Wednesday, July 31, 2013

Ending the day with Paul Newman

I never imagined we'd end Day 6 of our trip from Vermont to Arizona with Paul Newman.

The Movie Manor Motel in Monte Vista Colorado combines a Best Western motel with a drive-in movie theater. Each room in the motel boasts large windows that face the drive-in movie screen. All we had to do was open the curtains and flip the switch for sound, and we watched Despicable Me 2 without stepping foot outside our room - named for Paul Newman.

Before breakfast with Duncan and Nate, we went for a walk on the 4 Mile Creek trail in Boulder. The trail winds through a prairie dog village and even though I'm sure the local residents view them as annoying pests, we enjoyed watching them running around their burrows.

This was the first - and only - day of our trip that we spent entirely in one state. We expected roads that snaked through the Rockies but we forgot about the flat and wide open high plains that are part of the Rocky Mountain area.

We were hoping for twisting hairpin turns through the mountains, but instead enjoyed sweeping vistas and wide curves as we followed Route 285 for the majority of the day. We rode past Red Rocks Park that houses a large outdoor amphitheatre built by the Civilian Conservation Corps in 1941.

The highest elevation of today's trip was 10,000' at Kenosha Pass where we had views of mountains topping out at 14,000'.

As we crossed over the top of the pass, the 1000 square mile South Park grassland basin spread out in front of us.

Prospectors looking for gold crossed Kenosha Pass in the late 1800's, leaving ridges of gravel from the mining operations behind. The small towns are spread far apart and we felt like we were riding through Nebraska or Iowa again - except for the mountains that ringed the grassland on all sides.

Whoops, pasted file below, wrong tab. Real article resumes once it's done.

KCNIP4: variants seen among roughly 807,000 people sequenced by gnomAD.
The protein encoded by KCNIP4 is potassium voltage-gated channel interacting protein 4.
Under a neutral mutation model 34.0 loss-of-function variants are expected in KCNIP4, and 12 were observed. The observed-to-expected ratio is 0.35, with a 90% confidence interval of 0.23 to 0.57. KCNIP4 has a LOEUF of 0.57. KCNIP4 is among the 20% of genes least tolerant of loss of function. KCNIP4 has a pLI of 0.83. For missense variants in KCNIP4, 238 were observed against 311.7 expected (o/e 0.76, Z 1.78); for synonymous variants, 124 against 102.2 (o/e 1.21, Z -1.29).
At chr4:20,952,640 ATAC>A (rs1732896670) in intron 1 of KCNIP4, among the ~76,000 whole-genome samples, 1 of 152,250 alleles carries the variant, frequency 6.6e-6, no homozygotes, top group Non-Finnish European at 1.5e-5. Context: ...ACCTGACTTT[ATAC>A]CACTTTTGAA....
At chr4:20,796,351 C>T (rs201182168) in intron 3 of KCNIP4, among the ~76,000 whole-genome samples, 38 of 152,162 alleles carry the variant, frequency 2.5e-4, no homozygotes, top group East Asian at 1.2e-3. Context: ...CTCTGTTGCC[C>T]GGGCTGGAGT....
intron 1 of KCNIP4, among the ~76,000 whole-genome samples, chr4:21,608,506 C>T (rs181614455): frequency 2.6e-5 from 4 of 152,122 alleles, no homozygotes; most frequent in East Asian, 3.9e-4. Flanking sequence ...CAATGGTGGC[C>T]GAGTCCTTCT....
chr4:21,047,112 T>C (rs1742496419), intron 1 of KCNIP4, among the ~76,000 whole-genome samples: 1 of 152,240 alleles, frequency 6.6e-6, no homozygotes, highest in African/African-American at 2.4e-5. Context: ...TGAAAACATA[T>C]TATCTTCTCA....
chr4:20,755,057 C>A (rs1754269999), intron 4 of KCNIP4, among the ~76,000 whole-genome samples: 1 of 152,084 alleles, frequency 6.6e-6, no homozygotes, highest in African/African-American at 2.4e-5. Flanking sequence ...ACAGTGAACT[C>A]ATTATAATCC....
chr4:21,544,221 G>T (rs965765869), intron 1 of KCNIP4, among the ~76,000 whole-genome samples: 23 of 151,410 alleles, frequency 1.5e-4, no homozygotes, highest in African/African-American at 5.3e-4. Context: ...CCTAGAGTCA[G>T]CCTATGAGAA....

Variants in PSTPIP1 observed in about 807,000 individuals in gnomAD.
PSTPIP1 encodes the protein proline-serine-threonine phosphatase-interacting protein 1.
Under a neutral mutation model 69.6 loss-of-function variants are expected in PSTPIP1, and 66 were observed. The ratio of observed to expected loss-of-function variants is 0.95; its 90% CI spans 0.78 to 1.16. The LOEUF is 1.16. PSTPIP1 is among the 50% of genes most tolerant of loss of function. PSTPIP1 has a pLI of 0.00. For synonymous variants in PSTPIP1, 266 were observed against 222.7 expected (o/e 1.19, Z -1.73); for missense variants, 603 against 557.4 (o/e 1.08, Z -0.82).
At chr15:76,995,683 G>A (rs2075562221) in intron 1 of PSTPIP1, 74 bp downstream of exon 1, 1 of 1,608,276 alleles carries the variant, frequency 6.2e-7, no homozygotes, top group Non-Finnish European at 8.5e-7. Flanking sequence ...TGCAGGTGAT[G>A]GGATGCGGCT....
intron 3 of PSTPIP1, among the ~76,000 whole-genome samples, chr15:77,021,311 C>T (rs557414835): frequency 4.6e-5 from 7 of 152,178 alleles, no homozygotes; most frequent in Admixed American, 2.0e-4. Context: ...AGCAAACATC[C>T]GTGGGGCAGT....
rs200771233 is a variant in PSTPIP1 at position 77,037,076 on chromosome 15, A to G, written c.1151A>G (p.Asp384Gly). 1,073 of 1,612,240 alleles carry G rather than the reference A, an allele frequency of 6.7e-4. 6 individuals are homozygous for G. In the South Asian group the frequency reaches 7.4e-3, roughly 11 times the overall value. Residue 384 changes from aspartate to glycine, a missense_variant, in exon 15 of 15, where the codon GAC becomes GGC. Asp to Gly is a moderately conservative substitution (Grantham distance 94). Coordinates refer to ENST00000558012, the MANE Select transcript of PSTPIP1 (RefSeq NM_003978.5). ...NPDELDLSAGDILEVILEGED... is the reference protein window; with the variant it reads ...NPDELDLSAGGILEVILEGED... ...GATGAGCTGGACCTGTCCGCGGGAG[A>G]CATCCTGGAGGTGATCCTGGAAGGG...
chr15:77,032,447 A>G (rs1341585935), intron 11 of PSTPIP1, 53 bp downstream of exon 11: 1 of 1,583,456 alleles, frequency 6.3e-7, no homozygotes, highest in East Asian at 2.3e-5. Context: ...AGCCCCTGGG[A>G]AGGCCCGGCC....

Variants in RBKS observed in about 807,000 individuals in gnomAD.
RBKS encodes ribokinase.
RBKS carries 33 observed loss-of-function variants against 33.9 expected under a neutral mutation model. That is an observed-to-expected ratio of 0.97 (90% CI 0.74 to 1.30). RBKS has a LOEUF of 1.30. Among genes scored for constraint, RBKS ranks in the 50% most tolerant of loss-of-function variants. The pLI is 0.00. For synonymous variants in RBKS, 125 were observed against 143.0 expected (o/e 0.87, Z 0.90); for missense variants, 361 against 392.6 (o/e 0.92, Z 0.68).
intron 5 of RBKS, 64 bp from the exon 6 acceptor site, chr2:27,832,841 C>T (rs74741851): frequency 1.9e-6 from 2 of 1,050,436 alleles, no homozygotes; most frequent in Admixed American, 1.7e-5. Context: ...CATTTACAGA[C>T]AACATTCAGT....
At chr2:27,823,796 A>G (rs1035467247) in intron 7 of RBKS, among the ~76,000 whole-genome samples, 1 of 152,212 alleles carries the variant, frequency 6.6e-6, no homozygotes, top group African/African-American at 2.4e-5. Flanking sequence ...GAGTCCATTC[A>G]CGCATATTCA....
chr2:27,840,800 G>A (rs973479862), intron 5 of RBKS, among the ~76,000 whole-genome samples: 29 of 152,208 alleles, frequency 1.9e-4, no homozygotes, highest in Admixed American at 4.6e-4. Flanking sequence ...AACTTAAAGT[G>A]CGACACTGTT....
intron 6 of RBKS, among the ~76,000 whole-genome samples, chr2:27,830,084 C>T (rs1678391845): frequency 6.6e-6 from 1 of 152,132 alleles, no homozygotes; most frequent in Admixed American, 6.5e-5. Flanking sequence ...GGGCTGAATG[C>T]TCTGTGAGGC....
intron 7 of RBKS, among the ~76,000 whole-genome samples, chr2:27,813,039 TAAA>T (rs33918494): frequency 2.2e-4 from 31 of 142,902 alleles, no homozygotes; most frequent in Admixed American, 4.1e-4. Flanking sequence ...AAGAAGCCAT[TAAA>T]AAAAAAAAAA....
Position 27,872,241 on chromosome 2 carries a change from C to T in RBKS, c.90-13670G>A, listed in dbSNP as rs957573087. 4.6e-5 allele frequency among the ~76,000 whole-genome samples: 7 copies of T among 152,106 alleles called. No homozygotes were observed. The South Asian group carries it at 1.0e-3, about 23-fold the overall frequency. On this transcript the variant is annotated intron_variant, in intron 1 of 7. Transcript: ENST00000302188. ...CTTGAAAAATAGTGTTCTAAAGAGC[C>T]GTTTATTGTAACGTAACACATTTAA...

The Collegiate Peaks, a large wilderness area that boasts several mountains higher than 14,000', came into view as we headed toward Buena Vista. Mt. Harvard at 14,421', Mt. Yale at 14,202' and Mt. Oxford at 14,160' are three of the peaks in this Sawatch Range of the Rockies.

We stopped for gas and chatted with the owners of a restored chuck wagon used by pioneers as they traveled West in the late 1800's. They told us about chuck wagon competitions, where particpants dress in period constume and use historic cooking utensils to prepare authentic meals. Their chuck wagon was on a flatbed trailer today, but it's usually pulled by mules. We decided chuck wagon competitions are the Western version of Revolutionary War re-enactments that occur in New England, and we're looking forward to attending one in the near future.

We ended the day riding through the 122 mile long San Luis Valley, a high desert basin at about 7,000' elevation. Route 285 stretched flat and straight in front of us as we passed small herds of cattle and mile after mile of dry grassland interspersed with irrigated green fields of potatoes, barley for the Coors brewing company, and quinoa.

It seemed like every time we wound our way up through the mountains, the landscape changed. We rode through dense green pine forests, gravel and sandstone rocky mountain sides, dry desert plains, river valleys lined with aspens, and cultivated fields. We spent 5 hours on the motorcycle today, all within the state of Colorado and most of the time over 7,000' elevation. There's a lot more of Colorado to explore tomorrow.

1 comment:

  1. I'd never heard of a hotel/drive in. What a great combination and a neat way to kick back and relax after riding all day.